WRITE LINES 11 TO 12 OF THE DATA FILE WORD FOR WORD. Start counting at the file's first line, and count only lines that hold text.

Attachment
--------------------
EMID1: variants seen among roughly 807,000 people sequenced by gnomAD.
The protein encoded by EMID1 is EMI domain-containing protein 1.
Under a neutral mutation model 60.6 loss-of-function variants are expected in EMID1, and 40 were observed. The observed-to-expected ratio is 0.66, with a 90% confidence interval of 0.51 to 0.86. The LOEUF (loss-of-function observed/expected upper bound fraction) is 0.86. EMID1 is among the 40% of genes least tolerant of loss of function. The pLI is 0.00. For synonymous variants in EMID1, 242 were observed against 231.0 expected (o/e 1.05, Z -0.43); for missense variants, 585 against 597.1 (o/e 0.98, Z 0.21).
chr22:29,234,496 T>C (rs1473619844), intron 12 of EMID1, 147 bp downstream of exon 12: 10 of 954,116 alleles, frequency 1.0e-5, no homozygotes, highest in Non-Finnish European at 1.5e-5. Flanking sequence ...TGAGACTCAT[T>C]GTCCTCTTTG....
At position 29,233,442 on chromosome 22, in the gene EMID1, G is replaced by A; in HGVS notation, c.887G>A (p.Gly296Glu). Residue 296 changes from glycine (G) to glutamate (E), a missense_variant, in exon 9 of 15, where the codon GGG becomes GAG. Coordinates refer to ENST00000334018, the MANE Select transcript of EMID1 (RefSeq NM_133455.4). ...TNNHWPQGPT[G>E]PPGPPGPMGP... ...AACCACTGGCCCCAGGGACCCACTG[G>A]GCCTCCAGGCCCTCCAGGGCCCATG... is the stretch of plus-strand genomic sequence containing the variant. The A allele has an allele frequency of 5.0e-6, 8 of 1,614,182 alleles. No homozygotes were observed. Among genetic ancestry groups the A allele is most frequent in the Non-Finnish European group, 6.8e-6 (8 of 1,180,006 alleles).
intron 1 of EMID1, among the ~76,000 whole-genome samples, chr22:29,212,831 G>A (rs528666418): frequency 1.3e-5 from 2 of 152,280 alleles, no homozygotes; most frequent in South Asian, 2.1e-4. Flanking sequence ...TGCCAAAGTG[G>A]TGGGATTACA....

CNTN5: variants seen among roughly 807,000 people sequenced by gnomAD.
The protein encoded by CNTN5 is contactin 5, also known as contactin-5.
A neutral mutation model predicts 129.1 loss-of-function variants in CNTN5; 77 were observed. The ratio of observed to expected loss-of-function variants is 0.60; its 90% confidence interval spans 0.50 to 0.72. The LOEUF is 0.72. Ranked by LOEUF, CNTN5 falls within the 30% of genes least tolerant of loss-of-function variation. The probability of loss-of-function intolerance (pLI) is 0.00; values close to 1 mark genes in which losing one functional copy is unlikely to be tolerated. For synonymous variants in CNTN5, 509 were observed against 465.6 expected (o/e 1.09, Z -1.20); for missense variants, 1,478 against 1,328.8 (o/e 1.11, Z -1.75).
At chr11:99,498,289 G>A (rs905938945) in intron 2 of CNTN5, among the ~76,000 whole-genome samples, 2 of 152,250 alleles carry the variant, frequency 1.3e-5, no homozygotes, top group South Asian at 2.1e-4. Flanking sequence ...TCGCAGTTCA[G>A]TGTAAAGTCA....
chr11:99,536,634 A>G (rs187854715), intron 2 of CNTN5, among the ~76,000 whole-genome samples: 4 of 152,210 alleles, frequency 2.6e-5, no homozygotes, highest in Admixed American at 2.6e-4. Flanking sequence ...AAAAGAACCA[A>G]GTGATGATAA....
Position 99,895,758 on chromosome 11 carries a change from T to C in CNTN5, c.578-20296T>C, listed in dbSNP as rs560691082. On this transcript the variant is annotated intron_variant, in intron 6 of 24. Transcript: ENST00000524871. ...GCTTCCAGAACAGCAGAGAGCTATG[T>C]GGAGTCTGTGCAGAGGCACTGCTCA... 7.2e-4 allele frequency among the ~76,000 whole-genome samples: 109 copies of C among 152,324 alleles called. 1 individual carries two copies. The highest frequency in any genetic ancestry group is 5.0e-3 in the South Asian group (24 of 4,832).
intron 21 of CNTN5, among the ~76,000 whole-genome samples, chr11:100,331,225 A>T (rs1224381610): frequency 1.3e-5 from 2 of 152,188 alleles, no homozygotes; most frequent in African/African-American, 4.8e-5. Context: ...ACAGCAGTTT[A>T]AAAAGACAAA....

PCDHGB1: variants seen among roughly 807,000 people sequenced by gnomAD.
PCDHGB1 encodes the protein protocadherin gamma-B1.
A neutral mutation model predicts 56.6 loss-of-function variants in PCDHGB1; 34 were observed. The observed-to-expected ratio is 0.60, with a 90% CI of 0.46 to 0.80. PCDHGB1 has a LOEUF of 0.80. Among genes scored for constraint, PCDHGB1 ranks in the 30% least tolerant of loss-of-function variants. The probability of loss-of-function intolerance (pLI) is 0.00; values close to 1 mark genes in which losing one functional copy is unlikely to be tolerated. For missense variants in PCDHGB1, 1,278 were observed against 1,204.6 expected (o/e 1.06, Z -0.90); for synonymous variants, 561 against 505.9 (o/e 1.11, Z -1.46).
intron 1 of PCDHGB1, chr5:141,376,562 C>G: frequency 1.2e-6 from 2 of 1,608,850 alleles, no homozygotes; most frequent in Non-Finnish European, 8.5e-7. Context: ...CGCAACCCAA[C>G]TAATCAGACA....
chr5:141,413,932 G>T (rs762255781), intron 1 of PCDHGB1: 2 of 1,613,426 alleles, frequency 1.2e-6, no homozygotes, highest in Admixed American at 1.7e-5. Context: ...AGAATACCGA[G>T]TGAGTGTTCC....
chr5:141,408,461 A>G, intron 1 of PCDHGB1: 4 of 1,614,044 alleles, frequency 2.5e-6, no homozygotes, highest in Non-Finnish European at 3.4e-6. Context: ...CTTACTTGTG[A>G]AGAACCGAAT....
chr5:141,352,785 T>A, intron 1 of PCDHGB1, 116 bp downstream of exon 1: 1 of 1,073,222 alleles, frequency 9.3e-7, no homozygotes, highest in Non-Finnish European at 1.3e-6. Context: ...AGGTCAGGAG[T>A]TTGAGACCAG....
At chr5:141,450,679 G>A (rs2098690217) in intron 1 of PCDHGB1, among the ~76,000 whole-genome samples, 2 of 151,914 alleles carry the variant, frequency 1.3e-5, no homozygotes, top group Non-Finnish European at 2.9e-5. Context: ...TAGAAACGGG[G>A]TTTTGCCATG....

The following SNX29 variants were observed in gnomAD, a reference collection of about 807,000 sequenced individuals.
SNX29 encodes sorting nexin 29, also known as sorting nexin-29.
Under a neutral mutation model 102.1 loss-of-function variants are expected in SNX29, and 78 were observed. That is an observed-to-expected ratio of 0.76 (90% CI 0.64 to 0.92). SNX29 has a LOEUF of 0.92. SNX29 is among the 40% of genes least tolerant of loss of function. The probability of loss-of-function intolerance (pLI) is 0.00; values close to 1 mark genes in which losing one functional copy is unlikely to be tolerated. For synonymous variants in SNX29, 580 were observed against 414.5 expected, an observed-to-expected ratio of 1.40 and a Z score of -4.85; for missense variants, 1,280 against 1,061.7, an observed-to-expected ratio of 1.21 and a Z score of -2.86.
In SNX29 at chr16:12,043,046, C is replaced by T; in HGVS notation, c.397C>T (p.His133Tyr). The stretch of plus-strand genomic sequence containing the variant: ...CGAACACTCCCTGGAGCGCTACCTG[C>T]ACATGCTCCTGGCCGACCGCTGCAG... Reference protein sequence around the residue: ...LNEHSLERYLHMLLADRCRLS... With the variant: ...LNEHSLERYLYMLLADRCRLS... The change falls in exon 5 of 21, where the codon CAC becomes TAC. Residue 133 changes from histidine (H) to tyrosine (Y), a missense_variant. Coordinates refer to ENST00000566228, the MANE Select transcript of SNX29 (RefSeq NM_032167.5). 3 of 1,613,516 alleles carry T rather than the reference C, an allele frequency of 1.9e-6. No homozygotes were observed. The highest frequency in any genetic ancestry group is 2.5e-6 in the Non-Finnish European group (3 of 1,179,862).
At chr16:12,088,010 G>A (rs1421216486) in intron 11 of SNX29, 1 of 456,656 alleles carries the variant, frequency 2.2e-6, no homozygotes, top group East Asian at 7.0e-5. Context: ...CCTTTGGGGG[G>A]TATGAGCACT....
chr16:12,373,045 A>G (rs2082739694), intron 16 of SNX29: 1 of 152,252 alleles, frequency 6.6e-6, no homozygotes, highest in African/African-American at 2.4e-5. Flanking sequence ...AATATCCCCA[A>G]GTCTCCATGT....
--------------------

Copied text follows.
chr11:99,536,634 A>G (rs187854715), intron 2 of CNTN5, among the ~76,000 whole-genome samples: 4 of 152,210 alleles, frequency 2.6e-5, no homozygotes, highest in Admixed American at 2.6e-4. Flanking sequence ...AAAAGAACCA[A>G]GTGATGATAA....
Position 99,895,758 on chromosome 11 carries a change from T to C in CNTN5, c.578-20296T>C, listed in dbSNP as rs560691082. On this transcript the variant is annotated intron_variant, in intron 6 of 24. Transcript: ENST00000524871. ...GCTTCCAGAACAGCAGAGAGCTATG[T>C]GGAGTCTGTGCAGAGGCACTGCTCA... 7.2e-4 allele frequency among the ~76,000 whole-genome samples: 109 copies of C among 152,324 alleles called. 1 individual carries two copies. The highest frequency in any genetic ancestry group is 5.0e-3 in the South Asian group (24 of 4,832).